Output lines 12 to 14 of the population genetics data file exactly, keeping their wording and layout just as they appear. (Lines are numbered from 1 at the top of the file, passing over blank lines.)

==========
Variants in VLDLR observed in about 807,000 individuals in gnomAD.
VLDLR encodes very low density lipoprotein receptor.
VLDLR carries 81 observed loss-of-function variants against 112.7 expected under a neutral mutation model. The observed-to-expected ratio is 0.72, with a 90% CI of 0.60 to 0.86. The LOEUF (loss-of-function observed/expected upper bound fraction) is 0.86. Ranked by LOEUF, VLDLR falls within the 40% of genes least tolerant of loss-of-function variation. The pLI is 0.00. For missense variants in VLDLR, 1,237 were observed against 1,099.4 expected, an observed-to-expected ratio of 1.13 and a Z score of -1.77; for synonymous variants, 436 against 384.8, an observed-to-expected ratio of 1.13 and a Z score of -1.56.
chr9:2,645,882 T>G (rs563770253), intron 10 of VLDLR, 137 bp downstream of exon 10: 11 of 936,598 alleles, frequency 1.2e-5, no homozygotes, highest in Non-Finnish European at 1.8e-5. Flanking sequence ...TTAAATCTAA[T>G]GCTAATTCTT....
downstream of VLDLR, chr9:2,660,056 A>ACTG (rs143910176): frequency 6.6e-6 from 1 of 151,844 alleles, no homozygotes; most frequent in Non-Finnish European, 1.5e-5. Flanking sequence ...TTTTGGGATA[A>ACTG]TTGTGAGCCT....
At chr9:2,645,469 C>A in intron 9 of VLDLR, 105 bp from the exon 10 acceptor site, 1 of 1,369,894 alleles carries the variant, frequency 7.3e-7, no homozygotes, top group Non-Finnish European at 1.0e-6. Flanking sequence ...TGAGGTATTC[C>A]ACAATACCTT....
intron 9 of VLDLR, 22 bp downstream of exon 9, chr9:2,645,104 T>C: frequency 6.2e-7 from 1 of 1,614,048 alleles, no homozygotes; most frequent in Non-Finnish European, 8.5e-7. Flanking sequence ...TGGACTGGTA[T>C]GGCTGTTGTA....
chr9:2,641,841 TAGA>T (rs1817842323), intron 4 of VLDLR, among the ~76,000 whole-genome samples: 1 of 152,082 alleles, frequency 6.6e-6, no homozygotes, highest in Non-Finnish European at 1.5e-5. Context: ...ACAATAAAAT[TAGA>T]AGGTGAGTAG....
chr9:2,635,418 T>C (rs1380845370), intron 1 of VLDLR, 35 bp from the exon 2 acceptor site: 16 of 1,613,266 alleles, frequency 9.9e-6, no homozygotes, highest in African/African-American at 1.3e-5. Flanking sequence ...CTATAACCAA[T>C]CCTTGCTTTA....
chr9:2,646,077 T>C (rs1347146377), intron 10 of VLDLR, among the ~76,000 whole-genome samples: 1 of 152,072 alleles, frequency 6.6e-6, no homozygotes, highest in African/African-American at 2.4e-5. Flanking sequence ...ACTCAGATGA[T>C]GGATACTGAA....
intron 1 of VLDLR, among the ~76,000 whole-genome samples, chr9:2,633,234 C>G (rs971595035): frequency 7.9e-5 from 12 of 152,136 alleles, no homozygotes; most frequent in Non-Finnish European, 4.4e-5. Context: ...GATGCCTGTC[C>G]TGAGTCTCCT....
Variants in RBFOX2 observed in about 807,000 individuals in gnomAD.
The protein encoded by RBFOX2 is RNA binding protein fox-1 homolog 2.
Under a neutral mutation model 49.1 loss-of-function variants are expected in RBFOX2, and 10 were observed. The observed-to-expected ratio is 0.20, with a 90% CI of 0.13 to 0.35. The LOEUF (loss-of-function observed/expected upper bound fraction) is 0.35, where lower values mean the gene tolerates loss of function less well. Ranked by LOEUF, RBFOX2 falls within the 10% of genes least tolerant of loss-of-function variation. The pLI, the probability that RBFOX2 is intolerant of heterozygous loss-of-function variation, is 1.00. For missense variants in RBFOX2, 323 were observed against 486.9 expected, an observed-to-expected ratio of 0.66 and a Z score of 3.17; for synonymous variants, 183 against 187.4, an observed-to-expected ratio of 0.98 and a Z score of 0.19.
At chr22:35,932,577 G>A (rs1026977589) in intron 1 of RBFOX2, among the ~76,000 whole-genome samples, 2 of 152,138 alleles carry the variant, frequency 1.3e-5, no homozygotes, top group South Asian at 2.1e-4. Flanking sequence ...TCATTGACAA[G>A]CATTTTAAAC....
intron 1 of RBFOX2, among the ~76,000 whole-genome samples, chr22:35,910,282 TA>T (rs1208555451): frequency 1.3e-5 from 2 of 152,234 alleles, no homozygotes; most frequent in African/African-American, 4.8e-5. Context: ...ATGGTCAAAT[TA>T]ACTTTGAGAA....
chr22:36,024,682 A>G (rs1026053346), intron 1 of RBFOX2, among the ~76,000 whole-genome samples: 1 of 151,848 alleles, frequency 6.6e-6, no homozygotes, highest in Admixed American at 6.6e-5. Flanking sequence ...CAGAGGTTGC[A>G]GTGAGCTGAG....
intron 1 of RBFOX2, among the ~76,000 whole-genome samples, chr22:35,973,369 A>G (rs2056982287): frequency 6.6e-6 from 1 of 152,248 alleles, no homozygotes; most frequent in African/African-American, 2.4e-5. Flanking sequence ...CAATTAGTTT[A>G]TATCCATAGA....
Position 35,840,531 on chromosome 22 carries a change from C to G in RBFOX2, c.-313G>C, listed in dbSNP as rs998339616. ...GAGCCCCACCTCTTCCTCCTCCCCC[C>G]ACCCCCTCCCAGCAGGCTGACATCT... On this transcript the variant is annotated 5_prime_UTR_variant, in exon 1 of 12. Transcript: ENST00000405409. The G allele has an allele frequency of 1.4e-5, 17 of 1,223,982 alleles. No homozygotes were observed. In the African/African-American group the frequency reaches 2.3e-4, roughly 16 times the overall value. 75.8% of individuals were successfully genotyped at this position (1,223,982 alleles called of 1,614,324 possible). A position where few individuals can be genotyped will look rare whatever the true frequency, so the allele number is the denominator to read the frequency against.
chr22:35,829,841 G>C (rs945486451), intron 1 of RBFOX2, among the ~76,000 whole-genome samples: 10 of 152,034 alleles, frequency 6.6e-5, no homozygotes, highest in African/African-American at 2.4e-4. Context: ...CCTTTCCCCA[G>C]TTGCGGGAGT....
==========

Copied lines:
Variants in RBFOX2 observed in about 807,000 individuals in gnomAD.
The protein encoded by RBFOX2 is RNA binding protein fox-1 homolog 2.
Under a neutral mutation model 49.1 loss-of-function variants are expected in RBFOX2, and 10 were observed. The observed-to-expected ratio is 0.20, with a 90% CI of 0.13 to 0.35. The LOEUF (loss-of-function observed/expected upper bound fraction) is 0.35, where lower values mean the gene tolerates loss of function less well. Ranked by LOEUF, RBFOX2 falls within the 10% of genes least tolerant of loss-of-function variation. The pLI, the probability that RBFOX2 is intolerant of heterozygous loss-of-function variation, is 1.00. For missense variants in RBFOX2, 323 were observed against 486.9 expected, an observed-to-expected ratio of 0.66 and a Z score of 3.17; for synonymous variants, 183 against 187.4, an observed-to-expected ratio of 0.98 and a Z score of 0.19.